It’s not every gig where the promoter greets you, does the sound, gives you dinner, drives you to the quayside pub and back, puts you up in the house, serves a delicious breakfast, takes you out fishing, fries up the freshly caught mackerel for lunch and sends you on your way with directions for a drive that takes in some of the most beautiful scenery you’ll ever see.
Well that’s how Duncan and Polly treated Anto and myself for our show at Sabhal Mor Ostaig in Sleat on the Isle Of Skye on Saturday.
The Highlands are an expanding universe. The more we see and learn, the more we realize we don’t know and the more we want to find out. Both Davie Gardner, our man on Shetland, and Duncan on Skye have described other, more out-lying gigs that myself and Anto could come back and do. Our gig in Shetland’s capital, Lerwick, and this gig here on Skye are really just scratching the surface of the possibilities that the highlands and islands offer as regards small, well-established gigs for all kinds of acts. There’s a solid sense of a vibrant artistic community and a circuit that is both well run and well supported.
After the soundcheck, Duncan brought us over across the road to his and Polly’s house, set in an idyllic situation looking across to the mainland over Sleat Sound. The sunshine is on the mountains across the way and it truly is divine on this Summer’s evening. Theirs is a fine house, about a hundred and fifty years old, spacious and airy and comfortable and as welcoming as could be.
The sea is down the bottom of the garden and Anto wants to go for a swim. I’m a little more reticent – while the sun is present alright, there’s a biteen of a nip in the breeze. Anto is determined though and leaves me standing with my trouser legs rolled up in the cool water amongst the rocks and the weeds while he goes up to the house to get shorts and a towel. While I’m standing there motionless for a few minutes a tiny flat fish, like a little flounder, about an inch and a half in diameter, scoots over my foot and lands on a stone. Not to save my life would I see this lovely little creature if I hadn’t seen it move. Then a little crab scuttles sideways across the same foot and small fish swim around the weed and between my ankles.
Back down from the house in his shorts, Anto is gung-ho and in no time he’s on his way out past the hard-on-the-feet rocky bits towards the sand, up to the hem of his shorts in the cool salty water of the North Atlantic. Good man Anto, but I can’t let it be said that I let him be in there on his own. As soon as he’s down swimming I’m on my way out to join him. The water is cold, but not shockingly so and it’s gorgeously refreshing – it’s both our first dips in the sea this year. Skin freezing cold and my insides roasting with coursing blood – ALIVE!
Showered and dried, Polly cooks us up a lovely seafood pasta and we’re well fed and ready for the show by the time we get back over across the road to the centre. There’s about fifty people at the gig, mostly locals but also some long-time supporters and friends of ours, the Blogg family, from way down in the South of England who coincidentally are starting their holiday in Portree this very day.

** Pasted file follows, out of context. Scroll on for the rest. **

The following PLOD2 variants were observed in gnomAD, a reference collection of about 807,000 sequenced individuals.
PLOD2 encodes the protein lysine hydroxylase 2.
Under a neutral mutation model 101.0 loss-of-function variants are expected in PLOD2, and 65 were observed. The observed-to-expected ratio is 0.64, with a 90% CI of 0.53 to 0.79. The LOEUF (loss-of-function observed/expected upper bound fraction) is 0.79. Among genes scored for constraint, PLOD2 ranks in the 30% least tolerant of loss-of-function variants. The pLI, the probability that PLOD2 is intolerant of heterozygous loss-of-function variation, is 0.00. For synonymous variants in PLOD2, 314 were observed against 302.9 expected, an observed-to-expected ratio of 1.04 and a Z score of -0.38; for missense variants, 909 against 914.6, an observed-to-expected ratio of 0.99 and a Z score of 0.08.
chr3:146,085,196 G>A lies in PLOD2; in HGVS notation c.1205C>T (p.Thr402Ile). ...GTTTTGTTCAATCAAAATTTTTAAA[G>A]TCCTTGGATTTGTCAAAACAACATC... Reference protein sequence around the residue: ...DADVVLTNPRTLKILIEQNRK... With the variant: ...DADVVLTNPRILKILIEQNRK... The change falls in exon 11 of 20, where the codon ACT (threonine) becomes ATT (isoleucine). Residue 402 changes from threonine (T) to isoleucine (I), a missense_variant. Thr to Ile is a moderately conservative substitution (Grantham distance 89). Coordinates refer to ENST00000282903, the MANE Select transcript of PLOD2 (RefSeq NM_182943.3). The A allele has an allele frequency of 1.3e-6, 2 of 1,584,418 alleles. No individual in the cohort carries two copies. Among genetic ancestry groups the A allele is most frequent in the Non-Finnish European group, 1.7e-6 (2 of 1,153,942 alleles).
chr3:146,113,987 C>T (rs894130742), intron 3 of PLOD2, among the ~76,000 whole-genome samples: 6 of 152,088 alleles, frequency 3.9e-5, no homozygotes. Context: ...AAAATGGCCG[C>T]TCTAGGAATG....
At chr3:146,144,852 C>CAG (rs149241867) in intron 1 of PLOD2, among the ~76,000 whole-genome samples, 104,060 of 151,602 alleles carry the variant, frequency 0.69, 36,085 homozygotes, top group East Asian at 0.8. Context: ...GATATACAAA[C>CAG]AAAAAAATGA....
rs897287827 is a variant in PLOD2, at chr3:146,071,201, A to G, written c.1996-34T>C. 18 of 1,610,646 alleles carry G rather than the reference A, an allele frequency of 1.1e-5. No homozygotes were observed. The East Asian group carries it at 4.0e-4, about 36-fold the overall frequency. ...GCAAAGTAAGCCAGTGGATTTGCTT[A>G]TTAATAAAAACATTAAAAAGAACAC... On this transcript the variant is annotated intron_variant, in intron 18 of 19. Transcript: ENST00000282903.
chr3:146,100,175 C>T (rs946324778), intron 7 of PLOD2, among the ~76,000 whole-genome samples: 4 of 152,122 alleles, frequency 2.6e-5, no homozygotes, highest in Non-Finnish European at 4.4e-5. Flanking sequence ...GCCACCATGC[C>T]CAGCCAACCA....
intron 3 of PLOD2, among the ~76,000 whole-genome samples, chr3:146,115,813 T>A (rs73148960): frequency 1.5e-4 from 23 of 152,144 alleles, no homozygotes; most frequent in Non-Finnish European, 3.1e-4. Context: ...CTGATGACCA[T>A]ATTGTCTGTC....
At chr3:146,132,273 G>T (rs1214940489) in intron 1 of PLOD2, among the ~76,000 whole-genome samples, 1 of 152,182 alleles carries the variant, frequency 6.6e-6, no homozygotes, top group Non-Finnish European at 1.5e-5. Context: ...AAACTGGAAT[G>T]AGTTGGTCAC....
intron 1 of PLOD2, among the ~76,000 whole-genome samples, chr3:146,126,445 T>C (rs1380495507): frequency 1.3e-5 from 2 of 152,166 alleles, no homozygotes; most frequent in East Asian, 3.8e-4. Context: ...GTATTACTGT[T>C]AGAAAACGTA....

The acoustics in the venue are easy and pleasant on the ears and coupled with Duncan’s warm sound it all adds up to a well-appreciated and a pleasure-to-do, gig.
Duncan kindly offers to drive us to the pub, Am Praban, about four miles up the road at Isle Ornsay. Standing outside the front door in the mid-Summer twilight, looking across at the moored boats in the sheltered sound with a pint of eighty shillings in my hand, I’m thinking – this is it.
We arrange to rise at nine for a small bit of fishing and when I arrive down the stairs Polly already has the table outside set for breakfast. Grapes, oranges, apples, cereal, tea, freshly brewed coffee, croissants, bread and jams and butter and scrambled eggs on toast with a couple of rashers. What a start to this Sunday.
Duncan goes out in the kayak and brings in his boat for Anto and I to board with the mackerel in a bucket for bait that Polly has prepared. He takes us West up the Sound, we pull in to say hello to a couple of the neighbours, who were at the gig, fishing from their own back garden and then on to the local seal colony where Duncan is careful not to go too close in order not to make the residents leave their restful perches and slither in for a swim.
We throw out a line each to see if there’s any sign of mackerel today and while myself and Anto get not a nibble, Duncan pulls in four silvery-green swimmers in one go. Then we go over to check the crab pots. Anto hauls up the first – only one small crab – and I haul up the other two with the same result. Duncan reckons he didn’t have the right bait in this time and he re-baits the pots with the mackerel from the bucket and we head back to shore.
Back on dry land, Polly puts out the freshest of the fresh mackerel fried in oatmeal on the al-fresco table and the lunch is fairly perfect as we chat for ages about all sorts of things. In the early afternoon we hit the road, taking directions from Duncan and Polly for the breathtaking drive towards the back of the island and onwards towards Ullapool.
What a stay we’ve had in Sleat – a huge thanks to Duncan and Polly for everything. It’s not every gig…….